Developing Molecules That Could Help Lungs of People Suffering from Cystic Fibrosis

A University at Buffalo-led research team has developed molecules that could help unclog thick, sticky mucus from the lungs of people suffering from cystic fibrosis.

The chronic disease is caused by a defective protein channel that prevents chloride ions from leaving cells and creating the watery conditions necessary to clear mucus. Researchers’ synthetic molecules offer something of a detour by binding to ions and carrying them through the cell membrane.

This binding increased a liquid layer vital for mucus clearance in cystic fibrosis cells by 50%, according to a study published Oct. 9 in Nature Chemistry.

“We found that these molecules can serve as an effective ferry to transport chloride across the cell and therefore restore the level of airway surface liquid, or ASL, to essentially that of a normal cell,” says the study’s lead author, Bing Gong, PhD. “One day, they could be leveraged into a drug that treats cystic fibrosis, a very painful and unpleasant disease.”

The inability to clear mucus makes breathing difficult and risk of infection high for the nearly 40,000 Americans living with cystic fibrous. It is one of the most common fatal genetic diseases in the United States.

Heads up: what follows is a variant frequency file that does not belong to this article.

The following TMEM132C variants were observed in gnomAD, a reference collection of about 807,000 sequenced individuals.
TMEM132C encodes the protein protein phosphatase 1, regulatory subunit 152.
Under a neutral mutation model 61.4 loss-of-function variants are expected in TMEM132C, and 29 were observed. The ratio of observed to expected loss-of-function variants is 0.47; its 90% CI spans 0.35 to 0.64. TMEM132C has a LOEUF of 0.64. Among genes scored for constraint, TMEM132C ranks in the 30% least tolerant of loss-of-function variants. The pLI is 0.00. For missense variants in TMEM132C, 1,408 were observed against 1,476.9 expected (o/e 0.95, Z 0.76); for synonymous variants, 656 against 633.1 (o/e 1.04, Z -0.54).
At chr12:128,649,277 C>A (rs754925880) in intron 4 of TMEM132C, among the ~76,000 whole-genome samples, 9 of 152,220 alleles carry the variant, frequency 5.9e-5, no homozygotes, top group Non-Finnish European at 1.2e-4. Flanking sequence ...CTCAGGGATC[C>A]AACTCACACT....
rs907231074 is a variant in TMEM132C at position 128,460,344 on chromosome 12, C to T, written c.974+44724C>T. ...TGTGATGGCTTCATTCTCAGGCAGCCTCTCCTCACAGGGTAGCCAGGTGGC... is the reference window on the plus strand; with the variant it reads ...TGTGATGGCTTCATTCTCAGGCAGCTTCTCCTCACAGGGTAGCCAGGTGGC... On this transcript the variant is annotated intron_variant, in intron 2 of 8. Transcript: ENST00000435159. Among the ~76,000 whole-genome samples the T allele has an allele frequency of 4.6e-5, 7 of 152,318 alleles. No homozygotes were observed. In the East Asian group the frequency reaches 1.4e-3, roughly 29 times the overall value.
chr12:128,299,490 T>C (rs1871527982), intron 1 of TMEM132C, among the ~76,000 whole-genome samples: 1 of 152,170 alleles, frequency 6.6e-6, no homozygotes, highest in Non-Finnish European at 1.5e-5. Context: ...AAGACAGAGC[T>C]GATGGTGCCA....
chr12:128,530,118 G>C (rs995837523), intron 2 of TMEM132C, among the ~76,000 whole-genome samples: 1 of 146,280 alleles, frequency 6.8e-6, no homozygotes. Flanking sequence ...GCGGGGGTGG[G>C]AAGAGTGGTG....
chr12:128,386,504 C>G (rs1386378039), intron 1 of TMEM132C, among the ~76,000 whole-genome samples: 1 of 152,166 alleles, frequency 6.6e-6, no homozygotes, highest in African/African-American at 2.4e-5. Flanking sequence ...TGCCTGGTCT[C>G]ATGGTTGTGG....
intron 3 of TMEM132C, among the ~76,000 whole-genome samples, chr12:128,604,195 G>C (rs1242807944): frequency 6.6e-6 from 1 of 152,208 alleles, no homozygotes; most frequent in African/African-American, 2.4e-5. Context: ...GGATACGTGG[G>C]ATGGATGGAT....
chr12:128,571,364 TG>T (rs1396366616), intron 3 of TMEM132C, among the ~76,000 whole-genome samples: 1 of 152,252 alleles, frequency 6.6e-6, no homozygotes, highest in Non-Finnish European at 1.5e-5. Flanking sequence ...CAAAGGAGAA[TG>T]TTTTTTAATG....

“It is exciting when scientific discoveries can be applied in ways that will potentially improve the health and well-being of people with complex conditions like cystic fibrosis that have limited treatment options,” says co-author Daniel Miller, a UB PhD graduate who is now assistant professor of chemistry at Hofstra University.

Just a few decades ago, most cystic fibrosis patients died in their early adulthood. However, life expectancy is now approximately 56 and many with the disease live full life spans, thanks in part to advances in treatment.

These include a drug called Trikafta, which helps the CFTR channel funnel out ions like it’s supposed to. However, the drug is expensive and, in certain countries, not even on the market.

“Developing new treatments for cystic fibrosis treatment remains a crucial effort,” Gong says. “Our research in anion and cation binding can apply to not only cystic fibrosis, but a host of other channel diseases caused by defective ion channels.”


Ruikai Cao, Robert B. Rossdeutcher, Yulong Zhong, Yi Shen, Daniel P. Miller, Thomas A. Sobiech, Xiangxiang Wu, Laura Sánchez Buitrago, Karishma Ramcharan, Mark I. Gutay, Miriam Frankenthal Figueira, Pia Luthra, Eva Zurek, Thomas Szyperski, Brian Button, Zhifeng Shao, Bing Gong. Aromatic pentaamide macrocycles bind anions with high affinity for transport across biomembranes. Nature Chemistry, 2023; DOI: 10.1038/s41557-023-01315-w

University at Buffalo. “Synthetic molecules can ‘ferry’ mucus-clearing ions blocked by cystic fibrosis.” ScienceDaily. ScienceDaily, 10 October 2023. <>.

Materials provided by University at Buffalo. Original written by Tom Dinki. Note: Content may be edited for style and length.

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